You have worked hard all your life. You have made many sacrifices to save money to purchase your new home. Your real estate broker calls you with news that your offer for the perfect dream home has been accepted by the real estate developer. You enter into contract for the sale of that house or condominium and you submit your down payment to be held in escrow. You obtain your mortgage commitment and your attorney schedules a closing date.
The perfect dream home is about to be yours… except the real estate developer files a Chapter 11 Bankruptcy Petition before your closing date. You are now thrown into the complex world of bankruptcy law and the purchase of your dream home is now on hold and may be on hold for a very long time.
Like individual purchasers of homes and condominiums, many real estate developers often apply to banks for construction loans and mortgages to build these homes and condominiums. Real estate developers would then have to give these banks a priority or first mortgage. Oftentimes, when purchasing real property from a developer, they would require you to enter into contract and require a down payment even though the homes or condominiums are unfinished. Real estate developers enter into contracts with contractors and other vendors to ensure that the project is completed on a timely basis.
When the real estate developer has trouble paying all of the vendors and the bank, the developer files for Chapter 11 in Bankruptcy Court. Essentially, the petition is a request by the real estate developer to have a trustee review the developer’s assets and debts and propose a plan to repay all outstanding debts.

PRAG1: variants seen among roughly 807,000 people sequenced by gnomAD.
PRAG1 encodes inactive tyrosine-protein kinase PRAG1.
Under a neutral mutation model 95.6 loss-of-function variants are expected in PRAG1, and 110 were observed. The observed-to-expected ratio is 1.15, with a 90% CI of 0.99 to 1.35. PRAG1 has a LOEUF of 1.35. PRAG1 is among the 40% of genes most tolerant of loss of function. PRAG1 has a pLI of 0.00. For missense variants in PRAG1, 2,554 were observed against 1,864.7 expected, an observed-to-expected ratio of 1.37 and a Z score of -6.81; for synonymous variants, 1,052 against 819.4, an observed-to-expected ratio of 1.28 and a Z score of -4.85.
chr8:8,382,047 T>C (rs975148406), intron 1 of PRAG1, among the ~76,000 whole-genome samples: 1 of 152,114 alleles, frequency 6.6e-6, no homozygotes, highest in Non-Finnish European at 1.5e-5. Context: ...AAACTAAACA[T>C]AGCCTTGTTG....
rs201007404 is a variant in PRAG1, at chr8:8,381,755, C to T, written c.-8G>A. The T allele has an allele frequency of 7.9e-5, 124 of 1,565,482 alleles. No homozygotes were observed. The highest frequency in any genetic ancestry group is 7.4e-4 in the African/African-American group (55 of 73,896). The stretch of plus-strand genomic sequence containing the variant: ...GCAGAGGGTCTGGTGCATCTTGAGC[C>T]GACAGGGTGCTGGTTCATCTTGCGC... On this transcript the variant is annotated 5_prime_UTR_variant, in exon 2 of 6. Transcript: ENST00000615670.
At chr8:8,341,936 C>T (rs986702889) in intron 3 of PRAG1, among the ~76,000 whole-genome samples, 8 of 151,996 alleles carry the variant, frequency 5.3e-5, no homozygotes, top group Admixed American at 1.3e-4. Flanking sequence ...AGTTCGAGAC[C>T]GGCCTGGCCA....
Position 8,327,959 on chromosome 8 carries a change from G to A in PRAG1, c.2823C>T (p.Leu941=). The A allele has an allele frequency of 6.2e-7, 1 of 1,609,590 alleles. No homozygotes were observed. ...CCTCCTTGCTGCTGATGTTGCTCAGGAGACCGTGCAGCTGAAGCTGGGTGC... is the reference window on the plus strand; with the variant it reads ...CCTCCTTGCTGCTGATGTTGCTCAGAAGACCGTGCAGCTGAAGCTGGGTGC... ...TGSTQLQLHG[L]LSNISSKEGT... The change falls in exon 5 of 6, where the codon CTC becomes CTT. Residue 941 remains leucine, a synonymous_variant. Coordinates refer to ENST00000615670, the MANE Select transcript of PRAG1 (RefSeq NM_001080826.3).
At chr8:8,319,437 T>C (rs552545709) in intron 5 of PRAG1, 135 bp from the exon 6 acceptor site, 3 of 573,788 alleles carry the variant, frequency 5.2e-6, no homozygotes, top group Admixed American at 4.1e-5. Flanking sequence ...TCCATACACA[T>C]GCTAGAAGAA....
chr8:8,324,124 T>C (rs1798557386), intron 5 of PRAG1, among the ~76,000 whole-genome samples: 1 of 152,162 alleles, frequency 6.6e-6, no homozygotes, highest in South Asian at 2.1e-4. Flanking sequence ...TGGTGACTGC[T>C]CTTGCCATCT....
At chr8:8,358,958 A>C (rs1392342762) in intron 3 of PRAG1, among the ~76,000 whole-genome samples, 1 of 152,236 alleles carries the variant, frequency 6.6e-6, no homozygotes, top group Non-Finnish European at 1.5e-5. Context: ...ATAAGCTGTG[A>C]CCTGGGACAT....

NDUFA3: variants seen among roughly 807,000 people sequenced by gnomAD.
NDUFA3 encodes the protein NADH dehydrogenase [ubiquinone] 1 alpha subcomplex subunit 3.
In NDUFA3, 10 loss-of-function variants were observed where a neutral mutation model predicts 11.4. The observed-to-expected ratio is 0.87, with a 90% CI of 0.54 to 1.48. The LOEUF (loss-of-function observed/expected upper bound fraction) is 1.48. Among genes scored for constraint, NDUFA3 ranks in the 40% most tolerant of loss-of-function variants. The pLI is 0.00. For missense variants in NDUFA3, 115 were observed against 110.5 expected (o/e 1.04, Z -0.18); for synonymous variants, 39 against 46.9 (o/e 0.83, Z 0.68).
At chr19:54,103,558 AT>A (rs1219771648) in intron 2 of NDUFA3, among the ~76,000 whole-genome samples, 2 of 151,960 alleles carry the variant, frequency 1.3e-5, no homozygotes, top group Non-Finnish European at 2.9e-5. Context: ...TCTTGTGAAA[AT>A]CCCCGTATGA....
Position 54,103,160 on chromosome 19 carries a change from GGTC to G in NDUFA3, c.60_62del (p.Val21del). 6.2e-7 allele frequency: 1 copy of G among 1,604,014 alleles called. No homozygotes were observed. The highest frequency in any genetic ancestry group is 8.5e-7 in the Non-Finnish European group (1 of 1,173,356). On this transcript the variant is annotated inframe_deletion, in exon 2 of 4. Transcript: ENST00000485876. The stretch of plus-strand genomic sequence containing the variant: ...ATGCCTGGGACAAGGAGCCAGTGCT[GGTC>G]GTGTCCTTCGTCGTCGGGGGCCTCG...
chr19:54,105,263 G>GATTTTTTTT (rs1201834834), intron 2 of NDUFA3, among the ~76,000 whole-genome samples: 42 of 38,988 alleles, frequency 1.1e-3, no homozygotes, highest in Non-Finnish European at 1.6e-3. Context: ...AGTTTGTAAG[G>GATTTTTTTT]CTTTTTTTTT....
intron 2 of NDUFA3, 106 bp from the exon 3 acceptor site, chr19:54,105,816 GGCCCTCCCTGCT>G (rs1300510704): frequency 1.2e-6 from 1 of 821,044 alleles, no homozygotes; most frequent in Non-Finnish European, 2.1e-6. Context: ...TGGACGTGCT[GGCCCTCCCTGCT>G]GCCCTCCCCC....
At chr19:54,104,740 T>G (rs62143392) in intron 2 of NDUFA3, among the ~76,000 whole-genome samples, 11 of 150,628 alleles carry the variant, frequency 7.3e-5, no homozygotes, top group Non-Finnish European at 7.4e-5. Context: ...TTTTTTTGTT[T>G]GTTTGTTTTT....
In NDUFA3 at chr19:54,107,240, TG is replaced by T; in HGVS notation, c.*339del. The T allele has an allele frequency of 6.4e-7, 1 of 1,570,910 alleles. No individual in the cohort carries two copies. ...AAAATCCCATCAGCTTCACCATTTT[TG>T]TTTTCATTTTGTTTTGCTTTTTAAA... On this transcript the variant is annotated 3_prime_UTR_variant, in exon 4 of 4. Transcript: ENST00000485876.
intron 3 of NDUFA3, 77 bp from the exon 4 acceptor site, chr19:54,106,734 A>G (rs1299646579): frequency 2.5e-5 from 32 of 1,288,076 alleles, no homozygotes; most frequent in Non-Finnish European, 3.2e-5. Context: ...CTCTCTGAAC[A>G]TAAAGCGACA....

Under Bankruptcy laws, there is an automatic stay1 of activity in connection with the real estate developer, aka, the debtor’s bankruptcy estate when a petition is filed. Any “asset” or “debt” of the debtor becomes subject to Bankruptcy laws2. This means that your down payment and contract of sale are now part of the real estate developer’s bankruptcy estate.
At the very minimum, you would have to file a proof of claim3 with the Bankruptcy Court as a creditor before you can attempt to secure the return of your down payment. There are deadlines for filing the proof of claim, so it is important that you file in a timely manner or you may be precluded from getting your down payment back. If your ultimate goal is to still purchase your dream home, you may have to navigate the Bankruptcy Court’s procedure, which can be lengthy and costly with no guarantee that you will be allowed to purchase your dream home. Under Bankruptcy laws, there are different categories of creditors, and depending on your classification, you may not be entitled to the same rights as if the real estate developer had not filed for Bankruptcy.
I am always asked, how do you prevent this from happening? There really is no simple answer to this question. A real estate developer may file Bankruptcy for a myriad of reasons. There is no way of really knowing whether or not a real estate developer would file Bankruptcy. Purchasers can protect themselves by either requesting the financials of the developer before entering into contract, waiting until the home or condominium is completed before entering into contract, or inquiring into the reputation of the real estate developer in the construction community.
1 11 U.S. Code § 362; 2 There are certain debts owed by the debtor that are exceptions to the Bankruptcy Stay; 3 Federal Rules of Bankruptcy Procedure Rule 3002.